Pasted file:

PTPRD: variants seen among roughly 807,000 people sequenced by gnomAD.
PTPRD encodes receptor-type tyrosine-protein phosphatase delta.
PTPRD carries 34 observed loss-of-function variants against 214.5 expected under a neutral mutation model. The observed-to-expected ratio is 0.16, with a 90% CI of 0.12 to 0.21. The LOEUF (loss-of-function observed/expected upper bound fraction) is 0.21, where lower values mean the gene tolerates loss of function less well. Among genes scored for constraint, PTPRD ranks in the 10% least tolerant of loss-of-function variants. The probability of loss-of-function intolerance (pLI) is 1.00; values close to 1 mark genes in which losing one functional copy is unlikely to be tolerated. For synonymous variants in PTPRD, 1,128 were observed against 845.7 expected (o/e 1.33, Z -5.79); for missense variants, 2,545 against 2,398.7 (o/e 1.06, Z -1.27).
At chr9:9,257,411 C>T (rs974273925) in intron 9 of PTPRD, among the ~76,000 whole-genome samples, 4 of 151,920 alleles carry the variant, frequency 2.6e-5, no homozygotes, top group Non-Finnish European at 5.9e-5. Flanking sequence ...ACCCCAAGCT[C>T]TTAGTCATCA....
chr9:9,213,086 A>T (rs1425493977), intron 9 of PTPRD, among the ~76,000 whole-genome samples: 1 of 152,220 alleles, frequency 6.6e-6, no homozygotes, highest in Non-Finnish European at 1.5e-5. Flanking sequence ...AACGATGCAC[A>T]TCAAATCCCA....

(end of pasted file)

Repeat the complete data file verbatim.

PTPRD: variants seen among roughly 807,000 people sequenced by gnomAD.
PTPRD encodes receptor-type tyrosine-protein phosphatase delta.
PTPRD carries 34 observed loss-of-function variants against 214.5 expected under a neutral mutation model. The observed-to-expected ratio is 0.16, with a 90% CI of 0.12 to 0.21. The LOEUF (loss-of-function observed/expected upper bound fraction) is 0.21, where lower values mean the gene tolerates loss of function less well. Among genes scored for constraint, PTPRD ranks in the 10% least tolerant of loss-of-function variants. The probability of loss-of-function intolerance (pLI) is 1.00; values close to 1 mark genes in which losing one functional copy is unlikely to be tolerated. For synonymous variants in PTPRD, 1,128 were observed against 845.7 expected (o/e 1.33, Z -5.79); for missense variants, 2,545 against 2,398.7 (o/e 1.06, Z -1.27).
At chr9:9,257,411 C>T (rs974273925) in intron 9 of PTPRD, among the ~76,000 whole-genome samples, 4 of 151,920 alleles carry the variant, frequency 2.6e-5, no homozygotes, top group Non-Finnish European at 5.9e-5. Flanking sequence ...ACCCCAAGCT[C>T]TTAGTCATCA....
chr9:9,213,086 A>T (rs1425493977), intron 9 of PTPRD, among the ~76,000 whole-genome samples: 1 of 152,220 alleles, frequency 6.6e-6, no homozygotes, highest in Non-Finnish European at 1.5e-5. Flanking sequence ...AACGATGCAC[A>T]TCAAATCCCA....